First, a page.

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Steve Kowit: Intifada

 “They only see one thing: we have come here and stolen their country.                                      
Why should they accept that? They may perhaps forget in one or two
generations’ time, but for the moment there is no chance.” 

                                                  ― DAVID BEN-GURION  

                (quoted in The Jewish Paradox by NAHUM GOLDMANN)


Because Nebuchadnezzar, the Chaldean king, & his Babylonian armies 

destroyed the First Temple, & the Court of Judah suffered expulsion, 

and because of the sword of Merneptah, 

the sting of the lash of Assyrian armies, & legions of pious Crusaders 

condemning the Torah to flames, & we were led off by halters, 

enslaved in Armenia, Georgia, the Caucasus, 

                        because we suffered Chrysostom’s rage, 

Luther’s Hitlerian frenzy, the Dominican fathers’ Inquisitorial cross, 

because we were numbered among the transgressors, 

scattered among nations, expelled from the Rhineland, Bavaria, Spain, 

brought as the lamb to the slaughter at Prague, Nemirov, Tarnapal, Bar, 

Salonika, because we were dragged thru the streets of the shtetl  

& set to the torch in the shul, were crucified, blinded, 

                        boiled in oil & buried alive, 

because we were stuffed into cattle cars & our neighbors said nothing, 

were gassed in the showers, died screaming for mercy, 

                         & no one protested, 

am I now to rejoice that my Palestinian brothers & sisters,

dispossessed of all that was theirs by Ben Gurion’s bloodthirsty

armies of conquest & plunder, are even today being chained at the wrist,  

blindfolded, mocked, spat upon, kicked to the ground, 

                         pummeled & bloodied 

& left there to rot in the heat of the Negev?


Because the Einsatsgruppen mowed down the Jews in the streets 

do I turn my back now and forget that the farmers of Khan Yunis 

were murdered in cold blood, that the shepherds of Kafr Quasim 

were shot where they stood, that the massacred women & children 

of Dier Yassin were flung into wells, that the village 

where Mahmoud Darwish was born no longer exists, that seven 

hundred & fifty thousand indigenous Palestinian Arab people

                         were ethnically cleansed,

forced to flee for their lives to the squalor of refugee camps 

while the sanctimonious Zionist settlers stole all that they owned. 

That the infants & aged & sickly who could not survive that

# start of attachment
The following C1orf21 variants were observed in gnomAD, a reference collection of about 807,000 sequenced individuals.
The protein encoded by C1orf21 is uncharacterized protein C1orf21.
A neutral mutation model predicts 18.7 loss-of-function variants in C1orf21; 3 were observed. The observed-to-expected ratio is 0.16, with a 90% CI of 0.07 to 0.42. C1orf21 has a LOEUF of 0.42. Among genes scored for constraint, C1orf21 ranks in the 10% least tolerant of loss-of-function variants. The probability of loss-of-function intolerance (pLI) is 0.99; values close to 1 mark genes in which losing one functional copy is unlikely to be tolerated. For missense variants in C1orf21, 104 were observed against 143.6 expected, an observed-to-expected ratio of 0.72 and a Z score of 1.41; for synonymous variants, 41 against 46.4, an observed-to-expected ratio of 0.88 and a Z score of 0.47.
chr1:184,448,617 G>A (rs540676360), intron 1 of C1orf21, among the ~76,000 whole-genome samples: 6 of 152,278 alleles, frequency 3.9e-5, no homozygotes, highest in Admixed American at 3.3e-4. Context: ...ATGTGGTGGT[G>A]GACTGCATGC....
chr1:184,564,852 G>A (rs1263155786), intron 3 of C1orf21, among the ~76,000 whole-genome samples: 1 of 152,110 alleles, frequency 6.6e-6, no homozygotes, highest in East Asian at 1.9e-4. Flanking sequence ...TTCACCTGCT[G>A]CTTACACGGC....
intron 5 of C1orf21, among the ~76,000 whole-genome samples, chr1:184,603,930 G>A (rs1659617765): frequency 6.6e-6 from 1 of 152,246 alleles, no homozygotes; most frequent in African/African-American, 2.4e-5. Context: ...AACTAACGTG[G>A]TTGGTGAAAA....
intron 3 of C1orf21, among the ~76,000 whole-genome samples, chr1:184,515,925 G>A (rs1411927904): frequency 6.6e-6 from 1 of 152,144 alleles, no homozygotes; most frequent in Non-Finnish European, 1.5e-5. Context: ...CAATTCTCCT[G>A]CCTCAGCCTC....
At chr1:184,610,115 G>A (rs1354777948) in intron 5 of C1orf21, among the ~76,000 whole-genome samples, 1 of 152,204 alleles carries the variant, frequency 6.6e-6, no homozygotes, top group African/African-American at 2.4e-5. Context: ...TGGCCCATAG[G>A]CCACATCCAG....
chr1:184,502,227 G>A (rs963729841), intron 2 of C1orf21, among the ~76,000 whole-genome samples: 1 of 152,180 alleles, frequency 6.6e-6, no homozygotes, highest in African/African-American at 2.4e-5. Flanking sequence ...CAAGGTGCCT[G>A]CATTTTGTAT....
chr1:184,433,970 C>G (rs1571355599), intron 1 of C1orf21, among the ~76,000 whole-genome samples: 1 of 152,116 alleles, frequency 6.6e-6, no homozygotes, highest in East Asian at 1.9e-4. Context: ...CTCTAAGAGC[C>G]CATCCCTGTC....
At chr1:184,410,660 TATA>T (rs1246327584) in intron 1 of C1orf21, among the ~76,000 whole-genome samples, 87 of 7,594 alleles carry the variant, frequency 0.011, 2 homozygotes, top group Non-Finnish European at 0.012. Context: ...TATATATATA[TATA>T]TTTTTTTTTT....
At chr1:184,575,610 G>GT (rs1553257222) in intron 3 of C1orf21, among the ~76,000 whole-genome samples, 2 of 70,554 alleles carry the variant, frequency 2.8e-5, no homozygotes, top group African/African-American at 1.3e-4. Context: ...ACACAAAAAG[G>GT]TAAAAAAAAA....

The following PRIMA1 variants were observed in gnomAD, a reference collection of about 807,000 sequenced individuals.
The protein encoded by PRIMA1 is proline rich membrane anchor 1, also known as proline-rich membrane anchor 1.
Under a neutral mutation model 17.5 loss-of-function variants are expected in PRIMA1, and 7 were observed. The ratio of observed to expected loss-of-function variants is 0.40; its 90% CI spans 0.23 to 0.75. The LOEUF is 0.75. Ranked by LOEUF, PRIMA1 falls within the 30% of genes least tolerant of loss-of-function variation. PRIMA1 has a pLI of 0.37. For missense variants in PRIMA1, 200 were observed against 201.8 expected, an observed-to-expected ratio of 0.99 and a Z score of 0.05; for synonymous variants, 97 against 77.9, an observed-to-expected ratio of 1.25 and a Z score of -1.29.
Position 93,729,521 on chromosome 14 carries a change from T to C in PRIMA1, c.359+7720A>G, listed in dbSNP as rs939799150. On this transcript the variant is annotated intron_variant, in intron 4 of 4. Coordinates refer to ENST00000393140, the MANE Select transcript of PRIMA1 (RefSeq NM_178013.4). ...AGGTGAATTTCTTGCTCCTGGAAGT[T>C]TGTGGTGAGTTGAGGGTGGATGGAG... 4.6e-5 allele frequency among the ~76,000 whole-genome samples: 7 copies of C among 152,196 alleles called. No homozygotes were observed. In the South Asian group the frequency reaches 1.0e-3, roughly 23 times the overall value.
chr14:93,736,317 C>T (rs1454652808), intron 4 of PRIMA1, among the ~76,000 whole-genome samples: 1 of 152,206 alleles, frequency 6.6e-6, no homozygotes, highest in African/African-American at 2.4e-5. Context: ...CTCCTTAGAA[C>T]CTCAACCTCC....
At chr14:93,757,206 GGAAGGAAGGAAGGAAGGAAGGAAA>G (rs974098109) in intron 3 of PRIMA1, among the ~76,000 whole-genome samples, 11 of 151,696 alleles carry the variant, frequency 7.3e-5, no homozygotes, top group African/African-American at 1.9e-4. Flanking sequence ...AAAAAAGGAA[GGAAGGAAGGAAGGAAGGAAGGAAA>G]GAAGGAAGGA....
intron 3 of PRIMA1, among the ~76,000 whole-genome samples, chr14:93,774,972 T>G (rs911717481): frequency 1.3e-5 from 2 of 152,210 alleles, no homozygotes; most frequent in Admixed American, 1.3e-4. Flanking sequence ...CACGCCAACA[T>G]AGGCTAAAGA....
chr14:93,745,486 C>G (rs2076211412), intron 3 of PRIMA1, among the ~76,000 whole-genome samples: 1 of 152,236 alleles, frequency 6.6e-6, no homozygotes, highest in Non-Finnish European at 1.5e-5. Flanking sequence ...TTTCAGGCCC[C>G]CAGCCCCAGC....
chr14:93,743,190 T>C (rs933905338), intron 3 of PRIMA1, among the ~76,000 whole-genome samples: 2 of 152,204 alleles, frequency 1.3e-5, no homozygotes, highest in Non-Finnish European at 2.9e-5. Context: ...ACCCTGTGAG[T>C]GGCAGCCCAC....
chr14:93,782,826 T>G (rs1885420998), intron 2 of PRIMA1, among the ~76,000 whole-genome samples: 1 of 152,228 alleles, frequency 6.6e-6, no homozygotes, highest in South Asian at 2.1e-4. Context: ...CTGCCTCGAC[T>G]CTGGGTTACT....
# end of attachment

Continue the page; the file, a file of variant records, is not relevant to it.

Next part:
tormented journey are buried out there where they fell. 


Am I to forget that unspeakable terror, that despair? 

Am I to forget that the Palestinian homeland was stolen?


My mishbucha look elsewhere, turn away with a thousand excuses.

Benny Morris & Ari Shavit shake their heads gravely: “Don’t you see, 

had we not done those unspeakable things, our wonderful Jewish 

state could not have come to exist?” Amused, from their graves, 

Joseph Goebbels & Philipp Bouhler wink at each other & grin. 


Because of the curfews, expropriations, expulsions, the knock at the door, 

because of the Anschluss, the Kristalnacht riots, 

because of the boot of despair & the cheek of denial, 

because we have suffered the smokestacks of Auschwitz,

the mass graves of Chelmno & Belsen, 

because we fell at the walls of the ghetto, 

am I to pretend now that the people of Ramla, Al-Lyd, Balad al-Shaykh,  

Khisas & Haifa—those shepherds & farmers & teachers & merchants 

& mothers & workers—have not the right to return to the land 

that was stolen, the land that is incontestably theirs, 

the land that their fathers had tilled for a thousand years.  


Because I am Ashkenazi, a Jew, son of the tradesmen of Krakow, 

Lithuanian fiddlers, Talmudic scholars, the wandering peddlers of Minsk, 

child of the Khazar diaspora, exile—as are we all—in this world, 

am I not of the Amalekite people as well, part Moabite, Chaldean, Toltec  

& Pawnee, son of a long line of Canaanite cobblers, Nigerian ploughmen, 

child of those who escaped here from Melos, Soweto, Sharpsville,

Zimbabwe, Belfast, Jakarta? I am Kurdish, Armenian, 

of the wandering Romani people, of Calcutta’s untouchable 

Harijan masses, part Lacandon, Quiche & Yana, of Tasmanian blood, 

born of the Sac-Fox nation, son of the Bayou, a runaway field slave, 

sojourner, nomad, pariah, untermensch, heir to this world of nettles & dust. 


That is to say, I am of the shebab, of pure Palestinian blood, 

A Fedayeen son of Jerusalem shepherds, child of al-Nakba, son of those 

with the bayonet at their throat, the ones beaten, raped, & expelled 

by Ben-Gurion’s terrorist settler militias.


Should I forget the Lebanese dead? The blood of Shatilla & Sabra? 

Am I to forget that Ashbir Yusef & Mahmoud Sabad were beaten to death, 

that Sohel Zantut’s son is still missing,

                         that Fadhi Salim has lost his right leg, 

that Sohel El-Ali was thrown from a bus, that Tamer Dasuki was shot 

in the back, that Mustafa Hamden was buried alive, that the husbands